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E-M:/ Study links drug resistance to swine

Enviro-Mich message from anne.woiwode@sfsierra.sierraclub.org

Enviro-Mich folks:  One of the issues raised in the debate over SB 205, 
elimination of local control over livestock factories, was the growing concern 
about antibiotic resistance resulting from the feeding of antibiotics to 
livestock in these conditions to promote faster growth. Here is some a 
disturbing new update on this issue: 


The News-Gazette (Champaign IL), Sunday, Jan 16, 2000
Study links drug resistance to swine
URBANA - New evidence from Europe should serve as a wake-up  
call to U.S. livestock farmers who routinely feed antibiotics to their 
"It's a smoking gun," said Bryan White, a University of Illinois 
animal scientist, of a recent study in Denmark that traces multidrug 
resistance in humans infected with salmonella to two swine herds.
  The study, published in November in the New England Journal of 
Medicine, soundly establishes that link for the first time although other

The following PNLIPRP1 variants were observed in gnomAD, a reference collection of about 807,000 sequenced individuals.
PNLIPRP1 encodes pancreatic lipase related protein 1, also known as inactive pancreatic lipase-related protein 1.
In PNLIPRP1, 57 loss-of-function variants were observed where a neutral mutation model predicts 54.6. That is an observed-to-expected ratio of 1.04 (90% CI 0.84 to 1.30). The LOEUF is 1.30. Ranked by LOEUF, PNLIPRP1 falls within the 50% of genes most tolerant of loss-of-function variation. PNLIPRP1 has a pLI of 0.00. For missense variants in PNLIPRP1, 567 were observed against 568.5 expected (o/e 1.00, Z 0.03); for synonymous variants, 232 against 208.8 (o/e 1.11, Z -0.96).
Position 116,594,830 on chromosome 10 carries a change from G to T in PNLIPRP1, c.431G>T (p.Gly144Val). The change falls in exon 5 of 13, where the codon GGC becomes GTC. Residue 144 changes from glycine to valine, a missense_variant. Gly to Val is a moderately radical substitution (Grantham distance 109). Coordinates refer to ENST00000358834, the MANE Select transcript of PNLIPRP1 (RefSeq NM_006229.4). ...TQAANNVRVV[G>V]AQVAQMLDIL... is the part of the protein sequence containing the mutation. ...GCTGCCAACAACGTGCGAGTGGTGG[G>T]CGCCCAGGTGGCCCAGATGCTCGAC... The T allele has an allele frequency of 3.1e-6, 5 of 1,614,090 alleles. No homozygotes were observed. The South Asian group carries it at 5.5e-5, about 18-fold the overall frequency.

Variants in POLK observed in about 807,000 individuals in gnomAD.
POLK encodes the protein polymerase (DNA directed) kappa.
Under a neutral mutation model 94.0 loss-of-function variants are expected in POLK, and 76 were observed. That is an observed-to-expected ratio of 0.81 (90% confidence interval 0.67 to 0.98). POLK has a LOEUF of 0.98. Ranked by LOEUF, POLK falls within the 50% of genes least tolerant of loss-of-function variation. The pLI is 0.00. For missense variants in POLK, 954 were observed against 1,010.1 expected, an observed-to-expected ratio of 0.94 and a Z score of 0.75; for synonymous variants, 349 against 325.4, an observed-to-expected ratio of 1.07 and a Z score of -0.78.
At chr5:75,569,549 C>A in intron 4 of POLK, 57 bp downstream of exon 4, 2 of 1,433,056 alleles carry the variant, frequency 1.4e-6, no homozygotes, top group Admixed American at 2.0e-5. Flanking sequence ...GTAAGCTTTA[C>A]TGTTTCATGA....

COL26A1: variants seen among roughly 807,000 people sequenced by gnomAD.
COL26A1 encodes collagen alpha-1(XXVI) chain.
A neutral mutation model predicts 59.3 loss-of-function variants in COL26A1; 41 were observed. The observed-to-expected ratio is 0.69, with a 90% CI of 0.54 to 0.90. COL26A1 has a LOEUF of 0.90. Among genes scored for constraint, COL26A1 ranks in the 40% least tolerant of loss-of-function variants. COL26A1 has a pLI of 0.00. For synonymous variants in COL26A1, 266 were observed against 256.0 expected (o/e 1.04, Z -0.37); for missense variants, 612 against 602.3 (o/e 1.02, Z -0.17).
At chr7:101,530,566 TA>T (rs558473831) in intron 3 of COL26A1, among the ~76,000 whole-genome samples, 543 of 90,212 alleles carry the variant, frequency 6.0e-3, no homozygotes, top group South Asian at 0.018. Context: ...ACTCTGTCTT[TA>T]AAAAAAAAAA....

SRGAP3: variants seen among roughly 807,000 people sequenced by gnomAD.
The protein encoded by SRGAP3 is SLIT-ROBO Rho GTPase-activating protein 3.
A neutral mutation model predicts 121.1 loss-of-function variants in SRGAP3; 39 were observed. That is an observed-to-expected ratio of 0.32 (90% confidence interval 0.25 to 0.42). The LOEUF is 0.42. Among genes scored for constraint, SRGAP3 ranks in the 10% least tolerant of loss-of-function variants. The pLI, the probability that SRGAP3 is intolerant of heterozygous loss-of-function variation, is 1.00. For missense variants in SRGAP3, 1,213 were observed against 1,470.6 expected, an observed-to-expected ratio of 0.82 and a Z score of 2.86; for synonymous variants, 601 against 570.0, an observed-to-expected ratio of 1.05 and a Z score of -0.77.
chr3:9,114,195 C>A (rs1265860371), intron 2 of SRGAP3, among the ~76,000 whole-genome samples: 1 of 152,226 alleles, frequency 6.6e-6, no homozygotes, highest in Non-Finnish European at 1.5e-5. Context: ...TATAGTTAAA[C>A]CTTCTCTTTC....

flawed studies have attempted to do the same thing, White said.  
   "A number of papers talked about resistance outbreaks in the U.S. and 
Europe, but there were holes in the papers," he said. "This study tells me 
what I already know: You can get human resistance. A lot of outbreaks we 
thought were not linked to antibiotic use in livestock might be."  
   At issue: U.S. farmers' almost universal practice of routinely feeding 
subtherapeutic levels of antibiotics to their swine, cattle, dairy cows and 
poultry. The practice has virtually been banned in the European Union, 
White said.  
   "They're used as growth promotants," said UI animal scientist Gilbert 
Hollis, who is planning a conference at Urbana's Holiday Inn on March 16 
and 17 to discuss the controversi
al issue and talk about alternatives...  
The New England Journal of Medicine -- November 4, 1999 -- Vol. 341, No. 19 
An Outbreak of Multidrug-Resistant, Quinolone-Resistant Salmonella enterica 
Serotype Typhimurium DT104
Kare Molbak, Dorte Lau Baggesen, Frank Moller Aarestrup, Jens Munk Ebbesen, 
Jorgen Engberg, Kai Frydendahl, Peter Gerner-Smidt, Andreas Munk Petersen, 
Henrik C. Wegener 
Conclusions. Our investigation of an outbreak of DT104 documented the spread of 
quinolone-resistant bacteria from food animals to humans; this spread was 
associated with infections that were difficult to treat. Because of the increase
in quinolone resistance in salmonella, the use of fluoroquinolones in food 
animals should be restricted. (N Engl J Med 1999;341:1420-5.)
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